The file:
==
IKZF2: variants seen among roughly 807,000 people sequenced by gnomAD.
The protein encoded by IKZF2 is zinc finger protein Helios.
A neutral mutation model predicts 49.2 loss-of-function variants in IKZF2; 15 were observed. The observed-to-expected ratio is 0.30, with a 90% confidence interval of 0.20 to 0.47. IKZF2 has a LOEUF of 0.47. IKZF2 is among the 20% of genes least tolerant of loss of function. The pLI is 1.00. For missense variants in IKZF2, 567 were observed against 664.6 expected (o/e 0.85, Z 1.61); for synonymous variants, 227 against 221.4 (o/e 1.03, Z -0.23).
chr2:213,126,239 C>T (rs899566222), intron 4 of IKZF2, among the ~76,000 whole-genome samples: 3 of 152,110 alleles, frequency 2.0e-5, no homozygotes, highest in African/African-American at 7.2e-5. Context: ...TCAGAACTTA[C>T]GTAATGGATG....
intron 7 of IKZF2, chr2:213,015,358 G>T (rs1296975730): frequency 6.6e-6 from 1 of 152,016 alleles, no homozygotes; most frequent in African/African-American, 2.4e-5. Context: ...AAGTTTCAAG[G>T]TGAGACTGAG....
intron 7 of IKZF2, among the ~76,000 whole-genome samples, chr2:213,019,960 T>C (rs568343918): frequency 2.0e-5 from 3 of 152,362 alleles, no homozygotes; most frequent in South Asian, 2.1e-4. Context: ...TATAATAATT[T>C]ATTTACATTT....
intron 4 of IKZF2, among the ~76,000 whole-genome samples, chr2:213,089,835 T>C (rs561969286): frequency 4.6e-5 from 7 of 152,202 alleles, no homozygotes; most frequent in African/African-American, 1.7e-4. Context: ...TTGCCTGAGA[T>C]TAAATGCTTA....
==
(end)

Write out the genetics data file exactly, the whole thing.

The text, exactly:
IKZF2: variants seen among roughly 807,000 people sequenced by gnomAD.
The protein encoded by IKZF2 is zinc finger protein Helios.
A neutral mutation model predicts 49.2 loss-of-function variants in IKZF2; 15 were observed. The observed-to-expected ratio is 0.30, with a 90% confidence interval of 0.20 to 0.47. IKZF2 has a LOEUF of 0.47. IKZF2 is among the 20% of genes least tolerant of loss of function. The pLI is 1.00. For missense variants in IKZF2, 567 were observed against 664.6 expected (o/e 0.85, Z 1.61); for synonymous variants, 227 against 221.4 (o/e 1.03, Z -0.23).
chr2:213,126,239 C>T (rs899566222), intron 4 of IKZF2, among the ~76,000 whole-genome samples: 3 of 152,110 alleles, frequency 2.0e-5, no homozygotes, highest in African/African-American at 7.2e-5. Context: ...TCAGAACTTA[C>T]GTAATGGATG....
intron 7 of IKZF2, chr2:213,015,358 G>T (rs1296975730): frequency 6.6e-6 from 1 of 152,016 alleles, no homozygotes; most frequent in African/African-American, 2.4e-5. Context: ...AAGTTTCAAG[G>T]TGAGACTGAG....
intron 7 of IKZF2, among the ~76,000 whole-genome samples, chr2:213,019,960 T>C (rs568343918): frequency 2.0e-5 from 3 of 152,362 alleles, no homozygotes; most frequent in South Asian, 2.1e-4. Context: ...TATAATAATT[T>C]ATTTACATTT....
intron 4 of IKZF2, among the ~76,000 whole-genome samples, chr2:213,089,835 T>C (rs561969286): frequency 4.6e-5 from 7 of 152,202 alleles, no homozygotes; most frequent in African/African-American, 1.7e-4. Context: ...TTGCCTGAGA[T>C]TAAATGCTTA....